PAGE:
Hebeloma radicans E. Horak, Beker & U. Eberh., sp. nov.

MycoBank No: 838407
Figures 2D, 8, 9

Diagnosis

The combination of a deeply rooting stipe, about 60 full length lamellae (from stipe to margin of pileus) and spores where almost every spore has a strongly loosening perispore forming a clear layer around the spore, separate this taxon from all other members of H. sect. Porphyrospora, as does the ITS-sequence.

Type

Malaysia. Johor State: Kluang district, Endau-Rompin Peta, Endau-Rompin (Johor) National Park, Kampung-Peta, trail to Kuala Marong, ca. 50 m a.s.l., 2.52°N, 103.36°E, on soil in lowland dipterocarp-oak forest, 3 Sept 2009, E. Horak, 13265 (holotype: collection E. Horak at ZT; isotype: FRIM [FRIM 62930]; database reference HJB13364, ITS GenBank Acc. No.: MT832018).

Description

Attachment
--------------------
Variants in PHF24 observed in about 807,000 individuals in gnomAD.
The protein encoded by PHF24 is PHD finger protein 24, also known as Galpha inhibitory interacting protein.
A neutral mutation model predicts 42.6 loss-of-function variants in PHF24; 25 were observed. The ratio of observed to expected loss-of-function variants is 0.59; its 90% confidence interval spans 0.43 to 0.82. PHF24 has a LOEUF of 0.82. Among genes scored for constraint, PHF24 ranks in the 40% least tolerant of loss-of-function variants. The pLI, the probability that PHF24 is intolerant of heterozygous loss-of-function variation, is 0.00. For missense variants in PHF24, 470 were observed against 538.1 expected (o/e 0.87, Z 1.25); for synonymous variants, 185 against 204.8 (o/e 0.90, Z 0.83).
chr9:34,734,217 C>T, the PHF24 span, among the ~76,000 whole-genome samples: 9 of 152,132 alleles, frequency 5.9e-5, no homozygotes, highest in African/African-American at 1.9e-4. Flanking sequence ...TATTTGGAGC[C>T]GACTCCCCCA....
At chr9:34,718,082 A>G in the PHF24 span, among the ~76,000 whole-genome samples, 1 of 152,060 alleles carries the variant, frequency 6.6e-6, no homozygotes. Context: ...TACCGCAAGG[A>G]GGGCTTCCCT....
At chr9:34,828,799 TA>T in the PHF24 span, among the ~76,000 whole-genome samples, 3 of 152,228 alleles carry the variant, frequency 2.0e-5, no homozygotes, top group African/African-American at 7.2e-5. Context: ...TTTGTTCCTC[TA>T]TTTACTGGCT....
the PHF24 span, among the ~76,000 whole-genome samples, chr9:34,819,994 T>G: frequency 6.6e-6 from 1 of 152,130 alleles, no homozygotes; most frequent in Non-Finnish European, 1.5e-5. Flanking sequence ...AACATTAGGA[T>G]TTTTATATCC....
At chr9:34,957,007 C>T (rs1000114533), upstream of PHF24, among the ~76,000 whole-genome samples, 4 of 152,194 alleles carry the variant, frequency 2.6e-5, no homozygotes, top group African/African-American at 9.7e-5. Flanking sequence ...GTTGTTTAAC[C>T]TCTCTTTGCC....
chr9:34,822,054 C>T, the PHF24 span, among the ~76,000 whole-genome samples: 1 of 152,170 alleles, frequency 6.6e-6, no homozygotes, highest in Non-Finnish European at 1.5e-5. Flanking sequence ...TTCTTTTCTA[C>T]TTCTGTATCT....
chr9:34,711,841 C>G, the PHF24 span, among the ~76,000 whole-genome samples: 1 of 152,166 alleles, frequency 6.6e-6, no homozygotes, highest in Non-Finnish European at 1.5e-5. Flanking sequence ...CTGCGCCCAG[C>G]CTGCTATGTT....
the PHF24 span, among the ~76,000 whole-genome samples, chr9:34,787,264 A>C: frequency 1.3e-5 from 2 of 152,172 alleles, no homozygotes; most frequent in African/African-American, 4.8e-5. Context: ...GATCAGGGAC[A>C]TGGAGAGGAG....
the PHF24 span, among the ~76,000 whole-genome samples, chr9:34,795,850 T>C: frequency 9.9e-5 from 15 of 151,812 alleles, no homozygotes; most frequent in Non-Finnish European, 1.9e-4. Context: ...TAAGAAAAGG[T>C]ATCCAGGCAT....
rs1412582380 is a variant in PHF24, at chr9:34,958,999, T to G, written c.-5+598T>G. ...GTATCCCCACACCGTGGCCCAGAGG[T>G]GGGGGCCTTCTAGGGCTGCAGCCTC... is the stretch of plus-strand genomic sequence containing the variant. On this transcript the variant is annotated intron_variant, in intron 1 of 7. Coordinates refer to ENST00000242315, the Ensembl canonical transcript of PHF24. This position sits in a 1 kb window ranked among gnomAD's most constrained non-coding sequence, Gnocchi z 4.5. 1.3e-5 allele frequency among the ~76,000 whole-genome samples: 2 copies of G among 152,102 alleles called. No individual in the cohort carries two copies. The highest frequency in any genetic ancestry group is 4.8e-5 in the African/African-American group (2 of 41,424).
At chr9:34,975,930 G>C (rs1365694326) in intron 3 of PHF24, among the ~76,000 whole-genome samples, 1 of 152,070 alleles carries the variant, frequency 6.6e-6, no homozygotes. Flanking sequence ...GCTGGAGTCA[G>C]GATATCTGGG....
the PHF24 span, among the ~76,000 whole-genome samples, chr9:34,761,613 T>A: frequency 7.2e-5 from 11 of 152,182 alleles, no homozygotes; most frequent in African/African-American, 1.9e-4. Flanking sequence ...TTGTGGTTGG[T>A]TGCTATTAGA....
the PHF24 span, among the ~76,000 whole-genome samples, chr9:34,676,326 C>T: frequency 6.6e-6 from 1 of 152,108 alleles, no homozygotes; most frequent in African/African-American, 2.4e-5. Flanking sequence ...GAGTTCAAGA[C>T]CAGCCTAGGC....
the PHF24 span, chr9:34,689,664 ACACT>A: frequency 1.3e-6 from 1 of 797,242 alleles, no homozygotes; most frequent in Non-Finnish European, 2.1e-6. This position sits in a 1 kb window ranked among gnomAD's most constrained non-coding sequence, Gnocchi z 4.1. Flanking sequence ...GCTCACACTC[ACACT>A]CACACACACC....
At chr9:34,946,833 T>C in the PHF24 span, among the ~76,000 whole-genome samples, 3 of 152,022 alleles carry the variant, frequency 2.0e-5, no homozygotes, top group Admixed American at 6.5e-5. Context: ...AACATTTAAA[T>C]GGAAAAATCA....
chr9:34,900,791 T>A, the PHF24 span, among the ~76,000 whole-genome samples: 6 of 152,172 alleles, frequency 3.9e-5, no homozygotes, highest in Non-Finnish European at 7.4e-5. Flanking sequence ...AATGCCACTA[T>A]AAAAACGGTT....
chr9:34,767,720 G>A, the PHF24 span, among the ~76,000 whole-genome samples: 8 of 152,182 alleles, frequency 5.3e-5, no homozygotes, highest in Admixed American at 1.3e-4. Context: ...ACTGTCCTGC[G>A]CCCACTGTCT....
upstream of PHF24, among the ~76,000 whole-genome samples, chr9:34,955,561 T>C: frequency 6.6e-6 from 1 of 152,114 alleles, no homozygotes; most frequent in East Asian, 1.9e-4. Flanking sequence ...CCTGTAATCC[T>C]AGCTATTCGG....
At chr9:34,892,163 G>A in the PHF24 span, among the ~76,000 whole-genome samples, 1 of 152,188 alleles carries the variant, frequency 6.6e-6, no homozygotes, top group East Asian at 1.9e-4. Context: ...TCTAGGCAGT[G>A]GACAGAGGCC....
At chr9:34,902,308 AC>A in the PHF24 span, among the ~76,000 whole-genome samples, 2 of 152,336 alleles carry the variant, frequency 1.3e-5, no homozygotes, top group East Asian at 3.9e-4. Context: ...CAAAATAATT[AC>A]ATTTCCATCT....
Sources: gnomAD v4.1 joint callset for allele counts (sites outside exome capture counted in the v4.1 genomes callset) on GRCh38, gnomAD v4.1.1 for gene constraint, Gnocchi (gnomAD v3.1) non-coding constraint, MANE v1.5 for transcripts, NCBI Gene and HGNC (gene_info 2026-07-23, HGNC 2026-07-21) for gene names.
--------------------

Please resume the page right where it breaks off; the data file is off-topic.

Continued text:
Basidiomes scattered. Pileus 37–64 mm wide, convex to broadly umbonate; surface dry or slightly viscid, without veil remnants on the pileus; cuticle color predominantly cream to pale buff (4A3, 4A4) in the center with paler margin, off-white to pale cream (4A2); pileus margin entire, hygrophanous. Lamellae adnate, moderately dense, thin, with approx. 60 full length lamellae and 2–3 lamellulae between the lamellae, off-white to cream when young, later pinkish or grayish red to purplish and eventually vinaceous to purple-brown following spore maturity; edges weakly fimbriate and white; the white edge remains when the basidiome is dried but the reddish brown color of the lamellae disappears with time. Stipe 160–194 mm long (including the ‘root’) and with central width 4–9 mm, cylindrical, distinctly and deeply rooting, white or alutaceous; surface dry, fibrillose, pruinose in the upper part, discoloring with handling and age. Flesh whitish, hardly discoloring where bruised. Smell fragrant; taste bitter. Spore deposit porphyry-brown (10E4). Exsiccata with no particular characteristics.